The next waveform shows several good compression pulses and then a complete loss of cylinder compression (Figure 3). This 5.3 V8 GM truck engine had a cylinder #3 misfire. A compression test was performed with a gauge and the tech said the compression was the same on all cylinders on that bank. This is the same truck discussed in my June article and the problem was a broken valve spring. This problem would not escape the cranking compression test done with a transducer! If the engine is cranked over for at least 10 seconds and the compression peaks are varying more than a few psi then valve sealing issues are likely present.
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Timing is everything
The next item I’d like to mention is timing, both ignition and valve timing. Many technicians today do not have a quick and reliable way to verify timing on most engines. Ignition timing marks are mostly a thing of the past and few techs have a working timing light. If a car comes in as a cranking no-start or lack of power, how does one eliminate a timing problem as the issue and do it quickly? The answer is to compare the ignition event to an in-cylinder pressure event of the same cylinder using two scope channels and a pressure transducer (Figure 4).
I recently looked at a 2004 Toyota Highlander 3.3 V6 that another shop was struggling with diagnosing a lack of power complaint. When test driven, the vehicle seemed like it was starting off in third gear but the transmission had no codes and was shifting through the gears. Wondering about a possible torque converter problem, I decided to make sure the timing was correct on the engine and found the problem. The timing was severely retarded due to a grooved-out crankshaft timing belt sprocket which also has the crank sensor trigger wheel cast into the sprocket. This technique has uncovered many similar problems and is a simple test to verify a very important relationship that is all too often taken for granted because timing is no longer adjustable.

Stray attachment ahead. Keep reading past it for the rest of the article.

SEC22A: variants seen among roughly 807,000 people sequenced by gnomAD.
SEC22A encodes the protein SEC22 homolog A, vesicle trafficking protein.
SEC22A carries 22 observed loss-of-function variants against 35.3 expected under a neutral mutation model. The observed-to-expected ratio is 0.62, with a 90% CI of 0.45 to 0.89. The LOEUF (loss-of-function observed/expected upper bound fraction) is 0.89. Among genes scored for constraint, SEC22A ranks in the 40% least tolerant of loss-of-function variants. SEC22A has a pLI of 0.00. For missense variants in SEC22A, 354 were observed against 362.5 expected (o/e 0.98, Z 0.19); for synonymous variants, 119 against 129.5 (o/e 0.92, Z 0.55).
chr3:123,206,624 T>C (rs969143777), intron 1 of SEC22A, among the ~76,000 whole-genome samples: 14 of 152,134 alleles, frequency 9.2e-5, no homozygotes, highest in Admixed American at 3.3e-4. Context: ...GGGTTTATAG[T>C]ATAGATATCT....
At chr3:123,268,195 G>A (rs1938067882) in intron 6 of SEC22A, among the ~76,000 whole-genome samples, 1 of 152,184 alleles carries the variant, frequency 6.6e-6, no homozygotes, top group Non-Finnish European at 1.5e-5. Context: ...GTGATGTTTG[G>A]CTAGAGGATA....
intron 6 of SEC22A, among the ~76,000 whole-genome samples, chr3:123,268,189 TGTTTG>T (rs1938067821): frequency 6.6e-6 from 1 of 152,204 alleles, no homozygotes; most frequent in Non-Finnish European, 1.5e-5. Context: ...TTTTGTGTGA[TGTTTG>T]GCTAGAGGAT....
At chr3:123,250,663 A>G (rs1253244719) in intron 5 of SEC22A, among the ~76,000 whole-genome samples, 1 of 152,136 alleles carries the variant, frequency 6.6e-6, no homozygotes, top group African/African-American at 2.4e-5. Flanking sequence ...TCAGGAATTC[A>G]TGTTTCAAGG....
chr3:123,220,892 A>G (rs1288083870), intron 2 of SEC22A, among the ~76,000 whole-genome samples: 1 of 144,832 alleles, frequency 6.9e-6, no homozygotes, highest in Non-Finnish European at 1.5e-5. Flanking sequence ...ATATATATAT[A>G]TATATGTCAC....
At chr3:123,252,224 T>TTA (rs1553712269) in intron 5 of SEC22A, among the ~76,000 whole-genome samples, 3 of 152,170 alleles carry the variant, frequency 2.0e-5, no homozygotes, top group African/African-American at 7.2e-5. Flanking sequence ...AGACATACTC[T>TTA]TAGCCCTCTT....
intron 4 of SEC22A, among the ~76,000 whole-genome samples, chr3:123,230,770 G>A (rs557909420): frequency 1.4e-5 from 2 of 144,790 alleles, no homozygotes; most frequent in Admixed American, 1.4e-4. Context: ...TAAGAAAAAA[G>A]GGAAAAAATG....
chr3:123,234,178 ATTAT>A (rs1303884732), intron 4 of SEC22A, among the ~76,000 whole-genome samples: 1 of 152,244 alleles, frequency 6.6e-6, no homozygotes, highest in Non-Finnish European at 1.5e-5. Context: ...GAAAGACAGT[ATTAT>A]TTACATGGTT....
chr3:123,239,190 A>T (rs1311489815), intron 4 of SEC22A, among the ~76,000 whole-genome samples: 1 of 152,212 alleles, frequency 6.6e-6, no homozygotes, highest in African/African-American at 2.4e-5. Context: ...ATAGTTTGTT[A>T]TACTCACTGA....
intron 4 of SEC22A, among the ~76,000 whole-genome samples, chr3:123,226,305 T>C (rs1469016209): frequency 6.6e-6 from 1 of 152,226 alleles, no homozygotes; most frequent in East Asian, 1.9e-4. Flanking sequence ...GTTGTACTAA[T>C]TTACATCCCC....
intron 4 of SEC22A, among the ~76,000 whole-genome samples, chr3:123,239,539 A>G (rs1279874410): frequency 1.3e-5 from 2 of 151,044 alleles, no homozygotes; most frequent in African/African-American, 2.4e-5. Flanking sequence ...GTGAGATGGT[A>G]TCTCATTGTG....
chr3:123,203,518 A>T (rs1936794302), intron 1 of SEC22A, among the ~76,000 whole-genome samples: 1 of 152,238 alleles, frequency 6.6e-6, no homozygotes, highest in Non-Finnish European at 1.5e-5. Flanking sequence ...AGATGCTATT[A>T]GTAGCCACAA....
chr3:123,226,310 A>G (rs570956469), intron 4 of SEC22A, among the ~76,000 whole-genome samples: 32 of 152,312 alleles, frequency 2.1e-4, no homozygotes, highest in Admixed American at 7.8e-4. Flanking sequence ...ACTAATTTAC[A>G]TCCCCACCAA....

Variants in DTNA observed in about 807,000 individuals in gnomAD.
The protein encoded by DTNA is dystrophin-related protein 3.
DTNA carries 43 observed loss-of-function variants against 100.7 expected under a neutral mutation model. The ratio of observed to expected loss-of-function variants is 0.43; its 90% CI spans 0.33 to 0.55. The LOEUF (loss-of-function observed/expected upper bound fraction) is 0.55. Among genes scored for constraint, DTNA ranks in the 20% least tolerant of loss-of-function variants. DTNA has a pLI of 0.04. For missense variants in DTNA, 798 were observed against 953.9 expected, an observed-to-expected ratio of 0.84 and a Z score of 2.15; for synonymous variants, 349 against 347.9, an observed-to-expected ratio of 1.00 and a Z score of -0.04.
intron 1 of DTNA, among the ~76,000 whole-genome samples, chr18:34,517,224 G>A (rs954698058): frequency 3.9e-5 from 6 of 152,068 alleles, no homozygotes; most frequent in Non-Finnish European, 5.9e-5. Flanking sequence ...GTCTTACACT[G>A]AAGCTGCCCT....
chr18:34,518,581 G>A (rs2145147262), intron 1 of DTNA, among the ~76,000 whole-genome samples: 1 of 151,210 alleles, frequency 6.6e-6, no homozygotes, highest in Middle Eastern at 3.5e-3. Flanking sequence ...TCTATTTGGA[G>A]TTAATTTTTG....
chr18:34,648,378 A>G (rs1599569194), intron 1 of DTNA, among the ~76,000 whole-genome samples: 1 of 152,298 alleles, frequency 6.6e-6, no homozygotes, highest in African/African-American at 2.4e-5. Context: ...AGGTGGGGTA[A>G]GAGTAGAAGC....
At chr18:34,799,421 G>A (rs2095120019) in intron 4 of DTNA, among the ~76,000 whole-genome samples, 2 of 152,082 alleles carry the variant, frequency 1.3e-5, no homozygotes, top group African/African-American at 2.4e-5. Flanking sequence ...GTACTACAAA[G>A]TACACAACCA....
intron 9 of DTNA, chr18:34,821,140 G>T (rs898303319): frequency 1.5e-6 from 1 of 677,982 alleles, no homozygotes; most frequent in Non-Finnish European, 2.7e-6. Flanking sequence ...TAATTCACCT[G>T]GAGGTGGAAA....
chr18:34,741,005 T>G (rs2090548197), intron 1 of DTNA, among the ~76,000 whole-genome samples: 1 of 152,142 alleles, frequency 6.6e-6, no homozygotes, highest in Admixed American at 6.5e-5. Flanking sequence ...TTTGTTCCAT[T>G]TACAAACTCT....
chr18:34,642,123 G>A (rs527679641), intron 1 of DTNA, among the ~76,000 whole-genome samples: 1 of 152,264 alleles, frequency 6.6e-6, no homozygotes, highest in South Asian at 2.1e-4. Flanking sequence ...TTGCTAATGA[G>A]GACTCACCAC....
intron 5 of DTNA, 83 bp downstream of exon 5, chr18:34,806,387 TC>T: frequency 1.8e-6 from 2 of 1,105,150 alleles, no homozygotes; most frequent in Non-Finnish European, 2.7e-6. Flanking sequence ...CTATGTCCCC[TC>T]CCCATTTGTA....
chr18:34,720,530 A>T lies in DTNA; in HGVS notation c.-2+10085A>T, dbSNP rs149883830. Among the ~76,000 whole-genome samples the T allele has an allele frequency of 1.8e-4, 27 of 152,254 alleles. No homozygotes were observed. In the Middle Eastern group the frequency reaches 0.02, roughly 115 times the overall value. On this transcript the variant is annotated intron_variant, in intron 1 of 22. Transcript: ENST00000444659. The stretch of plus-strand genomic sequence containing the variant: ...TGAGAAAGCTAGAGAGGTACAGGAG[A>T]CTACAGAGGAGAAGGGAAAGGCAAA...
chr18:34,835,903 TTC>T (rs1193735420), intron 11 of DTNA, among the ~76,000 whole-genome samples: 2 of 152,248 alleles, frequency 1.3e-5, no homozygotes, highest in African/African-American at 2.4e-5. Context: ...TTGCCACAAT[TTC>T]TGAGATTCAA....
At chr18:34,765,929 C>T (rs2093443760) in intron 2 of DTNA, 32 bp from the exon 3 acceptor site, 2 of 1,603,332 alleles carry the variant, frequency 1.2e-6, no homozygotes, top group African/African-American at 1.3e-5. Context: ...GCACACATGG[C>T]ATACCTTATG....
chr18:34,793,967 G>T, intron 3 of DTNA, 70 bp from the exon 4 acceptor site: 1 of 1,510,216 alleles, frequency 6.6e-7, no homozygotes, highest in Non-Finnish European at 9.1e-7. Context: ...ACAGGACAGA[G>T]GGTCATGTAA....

Some readers may think this is advanced diagnostic testing and would only be used in rare cases but nothing could be further from the truth. A nearby shop towed over a 2010 VW CC they were stuck on. Considerable time had been spent trying to diagnose a cranking no-start on this 2.0, GDI turbo engine with no answers. After verifying a few basics, a cranking in-cylinder waveform was captured and analyzed. The waveform quickly pointed out what I will call an exhaust path restriction (Figure 5). The scope rulers are showing the 4-stroke cycle and there is a high-pressure pulse at the point where the exhaust stroke is ending and the intake stroke is beginning that measures 117 PSI (Figure 6). This is caused by the exhaust cam being advanced nearly 90 degrees due to a jumped timing chain. I will point out that older engines that jumped time usually resulted in retarded camshafts but today’s engine with their complex camshaft drive mechanisms can have cams that jump and end up advanced or retarded. Exhaust cams that are out of time have very little effect on cylinder compression. When an intake cam is out of time there will be a large effect on compression, retarded cams will lower compression and advanced cams will raise compression. When checking any V-style or opposed engine with two banks, if one bank has different compression than the other you should immediately suspect camshaft timing. Advanced intake cams are why an engine can have too much compression, if the measured compression is above specifications suspect an advanced intake cam possibly from incorrect installation, a jumped chain or frozen cam phaser assembly.